To build a Viking ship – a patchwork of historical clues
In March of 2010 the construction of the largest Viking ship ever built in modern times began.
The Vikings left almost no record of how they built their ships, or how they sailed them. Draken Harald Hårfagre is a recreation of what the Vikings would call a “Great Ship”, built with archaeological knowledge of found ships, using old boatbuilding traditions and the legends of Viking ships from the Norse sagas.
Plank by plank, nail by nail, more than 10 000 of them, the ship was constructed by a band of experienced boat builders, historians, craftsmen and artists.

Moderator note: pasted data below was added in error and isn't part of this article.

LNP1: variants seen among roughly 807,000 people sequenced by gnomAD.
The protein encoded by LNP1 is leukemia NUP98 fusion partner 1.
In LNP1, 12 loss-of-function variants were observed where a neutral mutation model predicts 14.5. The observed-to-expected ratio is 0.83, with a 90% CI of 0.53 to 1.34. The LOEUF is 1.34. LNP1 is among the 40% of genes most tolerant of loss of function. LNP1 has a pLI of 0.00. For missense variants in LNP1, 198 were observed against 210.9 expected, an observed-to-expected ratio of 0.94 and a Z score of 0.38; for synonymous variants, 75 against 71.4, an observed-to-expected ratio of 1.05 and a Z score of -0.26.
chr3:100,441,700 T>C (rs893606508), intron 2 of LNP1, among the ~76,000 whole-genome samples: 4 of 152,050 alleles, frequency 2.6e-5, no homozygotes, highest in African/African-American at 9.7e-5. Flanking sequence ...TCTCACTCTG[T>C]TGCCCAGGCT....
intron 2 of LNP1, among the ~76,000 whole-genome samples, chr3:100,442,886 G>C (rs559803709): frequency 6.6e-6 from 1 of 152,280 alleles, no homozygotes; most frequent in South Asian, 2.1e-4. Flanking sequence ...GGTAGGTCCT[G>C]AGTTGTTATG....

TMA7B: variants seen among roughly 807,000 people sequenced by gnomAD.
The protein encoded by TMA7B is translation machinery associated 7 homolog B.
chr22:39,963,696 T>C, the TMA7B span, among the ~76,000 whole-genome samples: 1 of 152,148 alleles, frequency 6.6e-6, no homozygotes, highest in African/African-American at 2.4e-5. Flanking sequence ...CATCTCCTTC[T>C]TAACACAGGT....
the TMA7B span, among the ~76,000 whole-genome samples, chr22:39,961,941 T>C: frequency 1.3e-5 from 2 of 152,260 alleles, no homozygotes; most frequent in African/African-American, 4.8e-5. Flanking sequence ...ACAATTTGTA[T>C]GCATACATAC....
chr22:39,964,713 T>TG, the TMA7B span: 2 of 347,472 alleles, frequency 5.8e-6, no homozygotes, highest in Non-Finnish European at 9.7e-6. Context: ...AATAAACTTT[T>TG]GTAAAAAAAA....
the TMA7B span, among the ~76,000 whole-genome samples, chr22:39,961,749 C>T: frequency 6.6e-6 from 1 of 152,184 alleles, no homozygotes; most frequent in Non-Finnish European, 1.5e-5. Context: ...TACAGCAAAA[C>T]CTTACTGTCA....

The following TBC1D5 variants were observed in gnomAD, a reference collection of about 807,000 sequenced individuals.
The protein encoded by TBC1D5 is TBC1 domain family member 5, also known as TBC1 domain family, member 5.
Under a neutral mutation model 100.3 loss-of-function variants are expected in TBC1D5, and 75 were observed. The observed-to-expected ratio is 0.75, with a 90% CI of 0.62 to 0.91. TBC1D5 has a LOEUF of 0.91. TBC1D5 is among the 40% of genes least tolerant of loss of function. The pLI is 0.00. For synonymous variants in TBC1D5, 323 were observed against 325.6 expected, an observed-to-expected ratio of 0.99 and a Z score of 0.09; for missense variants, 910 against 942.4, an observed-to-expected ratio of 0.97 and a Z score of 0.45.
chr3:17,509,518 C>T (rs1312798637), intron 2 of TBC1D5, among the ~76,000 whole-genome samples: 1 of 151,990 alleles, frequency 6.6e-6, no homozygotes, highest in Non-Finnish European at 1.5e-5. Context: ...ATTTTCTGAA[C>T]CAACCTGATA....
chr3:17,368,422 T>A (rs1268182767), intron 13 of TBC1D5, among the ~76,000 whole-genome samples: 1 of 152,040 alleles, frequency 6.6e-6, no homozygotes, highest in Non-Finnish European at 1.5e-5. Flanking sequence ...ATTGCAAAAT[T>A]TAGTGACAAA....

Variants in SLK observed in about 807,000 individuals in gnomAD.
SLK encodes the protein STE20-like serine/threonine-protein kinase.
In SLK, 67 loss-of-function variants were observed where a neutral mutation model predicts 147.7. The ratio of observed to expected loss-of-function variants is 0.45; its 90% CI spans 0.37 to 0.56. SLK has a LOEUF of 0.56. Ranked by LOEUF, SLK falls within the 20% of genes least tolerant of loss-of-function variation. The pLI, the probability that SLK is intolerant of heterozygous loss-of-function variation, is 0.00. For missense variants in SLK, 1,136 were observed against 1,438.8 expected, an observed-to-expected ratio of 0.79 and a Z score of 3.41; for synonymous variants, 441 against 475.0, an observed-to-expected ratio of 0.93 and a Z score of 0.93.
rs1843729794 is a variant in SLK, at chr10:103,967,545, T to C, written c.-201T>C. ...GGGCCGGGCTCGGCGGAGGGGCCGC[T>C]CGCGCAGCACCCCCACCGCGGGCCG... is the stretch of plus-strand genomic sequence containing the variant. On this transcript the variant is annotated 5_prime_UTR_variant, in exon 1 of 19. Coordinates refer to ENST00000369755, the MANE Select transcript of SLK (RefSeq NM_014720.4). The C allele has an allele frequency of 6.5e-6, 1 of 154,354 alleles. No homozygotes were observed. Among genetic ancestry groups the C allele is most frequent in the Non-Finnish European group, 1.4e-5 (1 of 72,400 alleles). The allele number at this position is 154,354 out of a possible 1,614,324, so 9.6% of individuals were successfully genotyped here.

115 feet from stem to stern, 26 feet wide, 260 square meters of silk sail and a 79 feet tall mast made from Douglas fir. She is a seaworthy ship, able to sail the Oceans of the World.
The ship was named after King Harald Hårfagre, the king who unified Norway, and had his royal seat in Avaldsnes near Haugesund, Norway. The home port of Draken Harald Hårfagre.
In 2014 the maiden voyage went from Haugesund, across the North sea landing old Viking territories in the British Isles and Ireland.
Fine craftsmanship built Draken Harald Hårfagre, with materials used throughout history. Oak, tar, hemp, iron and silk.
Mounting a iron ring to the Beitås. (the part that supports the lower part of the sail)